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Why Mnangagwa fired Roy Bhila



ZIMBABWE’S deputy Industry and Commerce minister Roy Bhila (pictured) was fired last week over corrupt issues involving cement import licences — money-spinning permits — and the secret charging of “facilitation fees” in the process by ministry officials in cahoots with business traders, official sources have told The NewsHawks.


To exacerbate the situation, Bhila, who is MP for Chiredzi North, Masvingo, was secretly recorded saying President Emmerson Mnangagwa is on his way out as his co-deputy Constantino Chiwenga gradually manoeuvres to position himself as his successor in 2018 or before.

Chiwenga’s rise, expected by some, will prevent an amendment of the constitution and third term plot by Mnangagwa and his political allies.

Insiders say Mnangagwa, officially 81 but in reality 85, has third term ambitions and is surreptitiously manoeuvring to stay on beyond 2028.

That is why Zanu PF, which failed to get absolute parliamentary control during the recent August general elections, is desperate to secure a two-thirds majority through the backdoor to change the constitution to facilitate that.

The ruling party is currently capitalising on opposition activist Sengezo Tshabangu’s fraudulent recalls to cause by-elections to push for a two-thirds majority.

Official sources say Bhila was dismissed for those two reasons.

“Bhila was fired for abusing cement import permits and attendant corruption activities associated with that. The issuance of those permits, which are money-spinning instruments, was accompanied by payment of facilitation fees for the personal benefit of the ministry’s officials and those that they work in cahoots with,” an official source said.

“Besides corruption, politics also contributed to Bhila’s dismissal. He was recorded telling the grassroots in his constituency in Chiredzi that Mnangagwa is on his way out and Chiwenga is coming in. He was specifically recorded as saying  ‘mudhara haasina basa as power is shifting to Chiwenga and people are now aligning themselves with him.
Chiwenga is the future’. This was viewed as an attempt to incite subversion and a revolt against Mnangagwa’s leadership. This is a  manifestation of factionalism, infighting and succession battles. The unresolved leadership question in Zanu PF and government after the coup has not gone away.”

Mnangagwa recently warned those plotting against him that he was always ahead of them because he set up the country’s security architecture and structures that are still loyal to him, hence keeping him in power.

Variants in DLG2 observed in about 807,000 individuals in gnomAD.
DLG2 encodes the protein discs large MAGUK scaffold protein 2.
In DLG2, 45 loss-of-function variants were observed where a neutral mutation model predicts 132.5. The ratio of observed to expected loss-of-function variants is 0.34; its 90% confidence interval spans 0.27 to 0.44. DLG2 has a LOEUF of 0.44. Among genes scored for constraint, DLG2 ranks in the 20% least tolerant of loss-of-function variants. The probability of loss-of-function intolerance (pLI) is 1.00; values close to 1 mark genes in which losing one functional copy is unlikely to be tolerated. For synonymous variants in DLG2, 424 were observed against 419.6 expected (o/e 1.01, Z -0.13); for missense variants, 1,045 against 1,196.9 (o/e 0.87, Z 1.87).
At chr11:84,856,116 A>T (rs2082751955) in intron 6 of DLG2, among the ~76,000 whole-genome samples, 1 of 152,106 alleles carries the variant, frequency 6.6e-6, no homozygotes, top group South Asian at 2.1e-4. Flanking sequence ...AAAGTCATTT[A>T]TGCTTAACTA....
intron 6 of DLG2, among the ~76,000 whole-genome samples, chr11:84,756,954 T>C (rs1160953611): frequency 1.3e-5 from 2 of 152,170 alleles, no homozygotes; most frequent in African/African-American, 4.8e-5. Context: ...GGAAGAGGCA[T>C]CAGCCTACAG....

He has also said no one will stage a coup against him.

The President’s authorised biography Emmerson Mnangagwa: A Life of Sacrifice by his informal adviser Eddie Cross says in January 2019 Chiwenga tried to impose a state of emergency while his boss was away in Russia and other countries in Eastern Europe amid fears of yet another coup.

This was during anti-government protests over fuel price increases and other deep economic problems.

The book says Zimbabwe Defence Forces commander General Phillip Valerio Sibanda refused to help in overthrowing Mnangagwa who had come in through a coup in November.
However, the cement import permits scandal is what immediately got Bhila removed.

The political issue exacerbated the situation.

Zimbabweans can now freely import. This came as a response to a doubling of prices caused by surging demand and depressed local production.

Cement prices were rising on the informal market due to a combination of factors: plant breakdowns and scheduled maintenance at the country’s major cement producers, besides the expiry of import licences.

All this happened at a time of record high demand.

“The nation is advised that following reports of artificial cement shortage in the market and the spiralling prices cabinet has approved the importation of cement by individuals and companies with free funds,” cabinet said recently.

Until December, each individual and company can import a maximum of five tonnes of cement.

Cement producers for years lobbied the government to limit imports, saying they could not compete with cheaper imports, given the high cost of production at home.

In 2021, the government gazetted Statutory Instrument 89 of 2021, which restricted foreign cement by issuing import licences.

Many of these licences have since expired and the government had been reluctant to renew them, causing a shortage.

This caused arbitrage and corruption, which ministry officials in cahoots with business are cashing in on.

Contacted for comment and upon hearing it was a journalist from The NewsHawks, Bhila said: “Yes its me Bhila. What is your problem?”

When the questions were put to him over the reports of corrupt issues involving cement import licences — money-spinning permits — and the secret charging of “facilitation fees” in the process by ministry officials in cahoots with business traders, Bhila breathed in deeply before terminating the phone call after about eight seconds of holding on to the line without speaking.

Afterwards, he stopped answering further calls.

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